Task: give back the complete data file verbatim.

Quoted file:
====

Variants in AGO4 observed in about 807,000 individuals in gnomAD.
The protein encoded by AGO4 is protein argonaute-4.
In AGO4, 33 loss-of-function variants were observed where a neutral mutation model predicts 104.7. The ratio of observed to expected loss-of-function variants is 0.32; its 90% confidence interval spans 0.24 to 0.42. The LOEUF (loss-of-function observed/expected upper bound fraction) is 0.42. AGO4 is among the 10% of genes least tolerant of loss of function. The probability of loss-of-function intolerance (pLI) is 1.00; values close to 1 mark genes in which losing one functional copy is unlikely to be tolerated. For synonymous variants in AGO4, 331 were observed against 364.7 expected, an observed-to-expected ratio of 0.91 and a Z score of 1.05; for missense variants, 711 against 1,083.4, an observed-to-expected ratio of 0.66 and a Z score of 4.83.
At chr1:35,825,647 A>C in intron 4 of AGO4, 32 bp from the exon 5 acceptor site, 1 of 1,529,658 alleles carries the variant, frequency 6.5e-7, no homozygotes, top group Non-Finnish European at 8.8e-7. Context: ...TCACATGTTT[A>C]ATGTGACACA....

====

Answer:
Variants in AGO4 observed in about 807,000 individuals in gnomAD.
The protein encoded by AGO4 is protein argonaute-4.
In AGO4, 33 loss-of-function variants were observed where a neutral mutation model predicts 104.7. The ratio of observed to expected loss-of-function variants is 0.32; its 90% confidence interval spans 0.24 to 0.42. The LOEUF (loss-of-function observed/expected upper bound fraction) is 0.42. AGO4 is among the 10% of genes least tolerant of loss of function. The probability of loss-of-function intolerance (pLI) is 1.00; values close to 1 mark genes in which losing one functional copy is unlikely to be tolerated. For synonymous variants in AGO4, 331 were observed against 364.7 expected, an observed-to-expected ratio of 0.91 and a Z score of 1.05; for missense variants, 711 against 1,083.4, an observed-to-expected ratio of 0.66 and a Z score of 4.83.
At chr1:35,825,647 A>C in intron 4 of AGO4, 32 bp from the exon 5 acceptor site, 1 of 1,529,658 alleles carries the variant, frequency 6.5e-7, no homozygotes, top group Non-Finnish European at 8.8e-7. Context: ...TCACATGTTT[A>C]ATGTGACACA....